Domestic Violence

Domestic violence isn't always violent. It often starts with non-violent forms of controlling or abusive behavior such as yelling, threats, financial control, jealousy, and degrading behavior. This site cannot assess your particular relationship as being abusive or not. Seek help from a counselor whether independent or from a church, or call an area shelter to talk to someone.


Definitions

Violence in the home can take on several unfortunate forms of abuse. The phrase domestic violence is commonly used to describe both family violence and intimate parter violence. Families to Freedom serves those leaving intimate partner relationships where some form of violence is pervasive, habitual, recurring and/or damaging. We also serve those leaving emergency shelter from intimate partner violence.

  • Family Violence - Abusive behavior between family members including elder abuse and child abuse
  • Intimate Partner Violence - Abuse occurring within a couple's relation such as dating, marriage and cohabitation, that includes aggression or coercive acts by a current or former intimate partner

According to the CDC, an intimate partner is a person with whom one has a close personal relationship that can be characterized by the following:

  • Emotional connectedness
  • Regular contact
  • Ongoing physical contact and sexual behavior
  • Identity as a couple
  • Familiarity and knowledge about each other?s lives



Forms of Violence

Violence in the home hurts everyone. Children that witness or experience family violence are especially vulnerable to lasting emotional damage and adhering to social norms. Below are some of the ways an abusive partner may behave:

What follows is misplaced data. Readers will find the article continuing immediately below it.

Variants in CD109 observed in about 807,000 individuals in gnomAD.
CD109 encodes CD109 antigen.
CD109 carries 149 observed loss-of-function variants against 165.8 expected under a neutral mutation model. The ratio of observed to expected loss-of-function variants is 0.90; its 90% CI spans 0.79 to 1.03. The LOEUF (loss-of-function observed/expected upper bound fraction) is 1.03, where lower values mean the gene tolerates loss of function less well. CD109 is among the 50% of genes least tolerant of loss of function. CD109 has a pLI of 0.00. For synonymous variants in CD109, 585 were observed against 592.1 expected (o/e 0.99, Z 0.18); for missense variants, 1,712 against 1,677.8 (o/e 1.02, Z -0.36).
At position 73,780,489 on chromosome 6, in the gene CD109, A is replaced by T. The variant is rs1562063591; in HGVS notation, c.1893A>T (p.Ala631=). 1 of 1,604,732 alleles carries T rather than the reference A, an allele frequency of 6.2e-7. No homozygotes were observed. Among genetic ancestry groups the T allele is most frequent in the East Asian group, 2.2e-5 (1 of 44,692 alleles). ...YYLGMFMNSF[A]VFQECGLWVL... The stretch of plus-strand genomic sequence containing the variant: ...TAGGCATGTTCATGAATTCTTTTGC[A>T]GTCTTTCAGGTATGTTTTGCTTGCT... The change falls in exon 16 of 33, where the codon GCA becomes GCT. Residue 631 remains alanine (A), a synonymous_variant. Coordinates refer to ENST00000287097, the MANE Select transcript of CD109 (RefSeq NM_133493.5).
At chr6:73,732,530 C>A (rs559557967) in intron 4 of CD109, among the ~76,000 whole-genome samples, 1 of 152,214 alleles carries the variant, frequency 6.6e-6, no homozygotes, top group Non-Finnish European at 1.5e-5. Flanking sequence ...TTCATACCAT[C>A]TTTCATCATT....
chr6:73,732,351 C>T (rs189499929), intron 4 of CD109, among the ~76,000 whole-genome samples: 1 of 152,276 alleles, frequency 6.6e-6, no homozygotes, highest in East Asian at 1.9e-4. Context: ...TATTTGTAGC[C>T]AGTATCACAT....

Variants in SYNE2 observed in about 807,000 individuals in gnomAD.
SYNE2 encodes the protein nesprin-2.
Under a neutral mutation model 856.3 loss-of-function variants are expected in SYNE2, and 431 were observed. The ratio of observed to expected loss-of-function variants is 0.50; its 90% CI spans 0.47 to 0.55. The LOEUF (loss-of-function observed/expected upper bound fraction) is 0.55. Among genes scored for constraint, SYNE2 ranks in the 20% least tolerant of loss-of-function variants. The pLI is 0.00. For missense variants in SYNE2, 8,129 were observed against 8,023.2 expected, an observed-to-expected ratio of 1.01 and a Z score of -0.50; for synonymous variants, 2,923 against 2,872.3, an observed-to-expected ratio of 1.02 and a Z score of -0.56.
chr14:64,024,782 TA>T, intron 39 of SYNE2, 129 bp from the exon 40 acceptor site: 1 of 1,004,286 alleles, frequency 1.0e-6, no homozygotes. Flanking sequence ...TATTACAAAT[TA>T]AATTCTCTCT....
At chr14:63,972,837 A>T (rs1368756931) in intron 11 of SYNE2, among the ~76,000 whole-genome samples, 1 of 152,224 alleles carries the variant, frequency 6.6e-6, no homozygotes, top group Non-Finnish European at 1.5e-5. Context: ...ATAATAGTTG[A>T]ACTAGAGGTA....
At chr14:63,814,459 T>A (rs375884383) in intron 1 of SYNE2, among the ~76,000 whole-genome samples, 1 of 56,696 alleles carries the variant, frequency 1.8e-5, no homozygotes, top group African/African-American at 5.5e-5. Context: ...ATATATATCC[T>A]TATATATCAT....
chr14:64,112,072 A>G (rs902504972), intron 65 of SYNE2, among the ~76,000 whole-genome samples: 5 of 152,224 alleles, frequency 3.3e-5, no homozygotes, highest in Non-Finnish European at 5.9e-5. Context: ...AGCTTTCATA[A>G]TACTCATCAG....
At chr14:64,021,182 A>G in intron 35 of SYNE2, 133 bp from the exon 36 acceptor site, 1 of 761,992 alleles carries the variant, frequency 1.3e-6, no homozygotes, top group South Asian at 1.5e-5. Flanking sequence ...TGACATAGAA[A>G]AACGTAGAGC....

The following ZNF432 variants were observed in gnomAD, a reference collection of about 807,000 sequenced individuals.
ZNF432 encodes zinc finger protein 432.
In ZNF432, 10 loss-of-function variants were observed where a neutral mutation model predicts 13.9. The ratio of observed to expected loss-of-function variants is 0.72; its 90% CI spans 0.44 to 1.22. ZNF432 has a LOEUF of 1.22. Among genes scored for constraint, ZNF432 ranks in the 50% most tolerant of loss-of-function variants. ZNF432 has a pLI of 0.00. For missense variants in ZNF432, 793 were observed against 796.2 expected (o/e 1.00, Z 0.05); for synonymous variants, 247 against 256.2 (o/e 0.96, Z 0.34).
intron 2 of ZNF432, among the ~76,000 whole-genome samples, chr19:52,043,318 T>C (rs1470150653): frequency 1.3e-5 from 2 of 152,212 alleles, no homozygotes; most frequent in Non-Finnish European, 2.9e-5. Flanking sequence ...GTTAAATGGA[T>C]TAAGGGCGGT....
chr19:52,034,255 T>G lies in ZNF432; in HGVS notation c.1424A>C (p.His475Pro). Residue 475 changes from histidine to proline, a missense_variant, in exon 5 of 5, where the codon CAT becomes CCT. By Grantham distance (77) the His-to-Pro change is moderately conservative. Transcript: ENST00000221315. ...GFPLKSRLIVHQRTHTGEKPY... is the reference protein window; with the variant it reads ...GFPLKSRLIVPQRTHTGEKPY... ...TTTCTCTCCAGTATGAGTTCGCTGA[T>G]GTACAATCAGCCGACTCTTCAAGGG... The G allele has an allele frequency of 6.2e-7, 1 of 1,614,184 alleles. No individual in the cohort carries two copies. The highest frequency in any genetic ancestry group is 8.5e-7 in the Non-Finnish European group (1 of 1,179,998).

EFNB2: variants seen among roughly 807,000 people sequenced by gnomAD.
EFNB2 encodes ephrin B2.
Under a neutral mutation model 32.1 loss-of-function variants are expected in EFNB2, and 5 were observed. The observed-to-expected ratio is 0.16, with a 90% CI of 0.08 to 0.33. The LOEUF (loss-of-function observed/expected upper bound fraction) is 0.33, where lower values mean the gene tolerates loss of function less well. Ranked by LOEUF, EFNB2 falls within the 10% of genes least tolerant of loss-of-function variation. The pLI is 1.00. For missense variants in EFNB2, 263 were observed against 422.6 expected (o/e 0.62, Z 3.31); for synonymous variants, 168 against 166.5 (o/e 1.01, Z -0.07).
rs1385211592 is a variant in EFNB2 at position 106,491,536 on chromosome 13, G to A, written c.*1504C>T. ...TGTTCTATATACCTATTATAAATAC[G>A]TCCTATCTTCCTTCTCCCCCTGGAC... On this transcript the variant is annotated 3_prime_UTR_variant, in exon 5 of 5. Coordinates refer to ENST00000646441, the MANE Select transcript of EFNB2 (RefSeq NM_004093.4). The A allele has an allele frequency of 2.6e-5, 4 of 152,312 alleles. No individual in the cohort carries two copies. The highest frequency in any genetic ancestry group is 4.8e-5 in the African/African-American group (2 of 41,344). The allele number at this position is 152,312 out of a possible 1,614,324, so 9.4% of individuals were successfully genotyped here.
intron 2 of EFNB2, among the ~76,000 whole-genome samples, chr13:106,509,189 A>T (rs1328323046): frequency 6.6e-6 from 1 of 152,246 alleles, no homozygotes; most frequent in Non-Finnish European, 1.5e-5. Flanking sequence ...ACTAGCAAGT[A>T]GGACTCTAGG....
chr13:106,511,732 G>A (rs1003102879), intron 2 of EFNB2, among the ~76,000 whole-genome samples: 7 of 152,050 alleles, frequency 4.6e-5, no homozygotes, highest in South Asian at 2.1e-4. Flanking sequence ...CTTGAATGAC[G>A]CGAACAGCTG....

Financial Control

  • maintains control over income
  • withholding money and access to money
  • forbidding employment or education
  • requires justification for all money spent
  • withhold information about debt or due bills that the victim is responsible for

Technological

  • stalking by using technology
  • hacking into email, phone, personal accounts, and devices to monitor activity
  • using tracking app or device to monitor location, phone calls, and text messages
  • monitoring social media activity
  • keeping or demanding to know passwords

Verbal

  • says demeaning things
  • blames partner for everything
  • name-calling, put downs, insults
  • intimidating threats
  • screams in the face

Emotional

  • justifies abusive behavior as acceptable
  • public shaming and humiliation
  • undermines self-esteem and confidence
  • extreme jealousy, even over attention to children and family
  • stalking and obsessive calling

Psychological

  • isolation from others
  • silent treatment
  • denying abuse happened
  • forcing false information to confuse or doubt reality
  • damage physical property
  • harming others you care about like pets or children

Physical

  • hitting, pushing, slapping, punching, kicking
  • choking
  • burning
  • controlling or forcing medication or illicit drugs
  • harm with blunt objects or weapons
  • murder

Sexual

  • forcing sex or sex acts
  • unwanted filming or photography
  • initiates sex when unconscious or coerced into silence
  • physical abuse during sex
  • coercing sex without protection or sabotaging birth control
  • forcing to have sex with others

If you are trapped in an abusive relationship- get help! Get to a safe place then call a local shelter for advice or The Hotline at 800-799-7233. Consider calling from someone else's phone or non-mobile phone if you think you are being monitored. You can also delete your call history on your mobile phone.


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